Annual inflation in Spain skyrockets in December to record-high 6.7%
Electricity and food contribute to surge in prices not seen since 1992
The inflation in Spain as of December has skyrocketed to 6.7% compared to the prices twelve months before, the highest since 1992.
According to figures published by the INE statistics institute on Thursday, the Consumer Price Index (CPI) grew by over a point on November (5.6%), which was already a record-high in the past 29 years.
The cost of electricity is accountable for a big share of the surge, along with food.
In December, electricity continued its upward trend that began in July and peaked at a daily average of €383.67/MWh on December 23, surpassing €400 in the evening, over eight times the price exactly 12 months before.
These prices affect the 10 million households with contracts in the regulated electricity market known as the PVPC.
Have a listen to the Filling the Sink podcast on the rising energy costs published on October 23:
To a lesser extent, food is also contributing to inflation, because a year ago its cost had decreased.
At the other end of the scale, fuel has seen a price reduction since December 2020, when prices had significantly gone up.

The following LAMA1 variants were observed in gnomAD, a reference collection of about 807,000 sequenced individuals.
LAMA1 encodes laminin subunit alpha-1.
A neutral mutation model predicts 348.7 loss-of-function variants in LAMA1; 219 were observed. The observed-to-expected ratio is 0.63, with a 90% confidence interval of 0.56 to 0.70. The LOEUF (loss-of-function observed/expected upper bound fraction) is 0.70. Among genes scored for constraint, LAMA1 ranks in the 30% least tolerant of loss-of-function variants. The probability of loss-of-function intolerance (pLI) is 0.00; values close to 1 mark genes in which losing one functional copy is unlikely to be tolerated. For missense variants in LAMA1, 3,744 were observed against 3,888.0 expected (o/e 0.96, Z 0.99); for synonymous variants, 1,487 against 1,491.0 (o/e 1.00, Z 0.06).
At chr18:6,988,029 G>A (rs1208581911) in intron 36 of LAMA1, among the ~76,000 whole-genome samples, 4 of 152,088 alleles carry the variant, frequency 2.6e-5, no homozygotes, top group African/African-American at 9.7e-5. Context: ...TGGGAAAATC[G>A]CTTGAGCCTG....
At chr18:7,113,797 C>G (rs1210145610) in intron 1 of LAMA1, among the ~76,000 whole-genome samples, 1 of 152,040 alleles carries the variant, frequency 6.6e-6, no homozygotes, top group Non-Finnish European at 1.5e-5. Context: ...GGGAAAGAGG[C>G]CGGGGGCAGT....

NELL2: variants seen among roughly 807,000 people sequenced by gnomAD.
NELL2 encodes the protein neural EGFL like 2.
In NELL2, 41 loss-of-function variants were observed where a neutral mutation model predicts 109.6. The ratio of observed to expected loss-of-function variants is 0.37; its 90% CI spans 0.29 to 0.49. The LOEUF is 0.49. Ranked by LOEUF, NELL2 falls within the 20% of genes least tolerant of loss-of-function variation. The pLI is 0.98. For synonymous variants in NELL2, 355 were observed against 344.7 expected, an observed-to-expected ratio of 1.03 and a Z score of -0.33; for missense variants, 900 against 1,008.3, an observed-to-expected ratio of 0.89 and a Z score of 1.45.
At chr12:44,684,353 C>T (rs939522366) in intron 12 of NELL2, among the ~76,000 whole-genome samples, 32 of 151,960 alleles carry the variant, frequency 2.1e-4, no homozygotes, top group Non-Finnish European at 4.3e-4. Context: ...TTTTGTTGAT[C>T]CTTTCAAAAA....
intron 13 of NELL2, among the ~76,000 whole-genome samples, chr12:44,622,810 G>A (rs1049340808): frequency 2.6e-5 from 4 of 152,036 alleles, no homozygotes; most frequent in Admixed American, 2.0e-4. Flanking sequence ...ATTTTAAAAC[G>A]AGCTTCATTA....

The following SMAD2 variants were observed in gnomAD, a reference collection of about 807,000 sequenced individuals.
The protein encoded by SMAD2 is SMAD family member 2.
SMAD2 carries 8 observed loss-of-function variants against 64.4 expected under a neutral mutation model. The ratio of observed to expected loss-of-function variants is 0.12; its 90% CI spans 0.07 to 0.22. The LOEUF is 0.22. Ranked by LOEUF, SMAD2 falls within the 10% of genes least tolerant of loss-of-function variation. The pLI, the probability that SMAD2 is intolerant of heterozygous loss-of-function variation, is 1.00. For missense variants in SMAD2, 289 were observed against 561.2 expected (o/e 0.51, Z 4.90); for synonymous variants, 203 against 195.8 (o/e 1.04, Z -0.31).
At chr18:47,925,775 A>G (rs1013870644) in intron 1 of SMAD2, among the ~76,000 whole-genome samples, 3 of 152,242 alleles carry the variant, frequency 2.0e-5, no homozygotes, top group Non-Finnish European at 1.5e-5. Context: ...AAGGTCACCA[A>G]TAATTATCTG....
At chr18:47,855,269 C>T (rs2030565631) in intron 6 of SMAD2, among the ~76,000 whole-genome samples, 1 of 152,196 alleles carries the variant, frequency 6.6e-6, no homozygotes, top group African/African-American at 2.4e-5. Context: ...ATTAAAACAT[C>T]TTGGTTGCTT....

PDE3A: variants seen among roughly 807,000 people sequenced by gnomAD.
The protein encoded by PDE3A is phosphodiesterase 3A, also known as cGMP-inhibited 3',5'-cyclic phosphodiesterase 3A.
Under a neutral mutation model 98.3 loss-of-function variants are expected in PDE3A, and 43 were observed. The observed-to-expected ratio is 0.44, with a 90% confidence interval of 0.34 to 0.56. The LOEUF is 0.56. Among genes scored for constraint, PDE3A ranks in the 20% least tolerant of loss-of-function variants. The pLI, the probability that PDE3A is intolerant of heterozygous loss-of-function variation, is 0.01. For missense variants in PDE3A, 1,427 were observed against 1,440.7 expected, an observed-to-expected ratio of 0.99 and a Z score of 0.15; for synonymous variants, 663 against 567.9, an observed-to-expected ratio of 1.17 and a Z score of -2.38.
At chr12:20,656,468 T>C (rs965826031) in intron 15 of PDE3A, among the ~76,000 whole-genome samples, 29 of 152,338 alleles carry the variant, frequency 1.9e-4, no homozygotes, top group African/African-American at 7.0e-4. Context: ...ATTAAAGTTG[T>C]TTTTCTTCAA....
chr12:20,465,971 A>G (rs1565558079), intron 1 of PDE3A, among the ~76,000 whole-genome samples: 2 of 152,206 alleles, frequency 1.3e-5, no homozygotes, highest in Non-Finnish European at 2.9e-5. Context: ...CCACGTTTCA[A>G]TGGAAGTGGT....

Inflation also soaring in Catalonia
In Catalonia, inflation is also soaring: pending December figures, prices registered an annual growth of 5.3% in November, a record-high and 0.1 percentage points higher than in October.
This is a record-high, taking into account that statistics on Catalonia’s inflation rate has only been recorded since 2002, whereas before then only data on the Spain-wide rate was collected.
As of November, the annual increase was again primarily due to higher prices for supplies such as water, gas and electricity (+14.7%) and fuels (+13.7%).
Additionally, the rise in prices of food and non-alcoholic beverages (+3.3%) was also noteworthy, as were restaurants and hotels (+2%).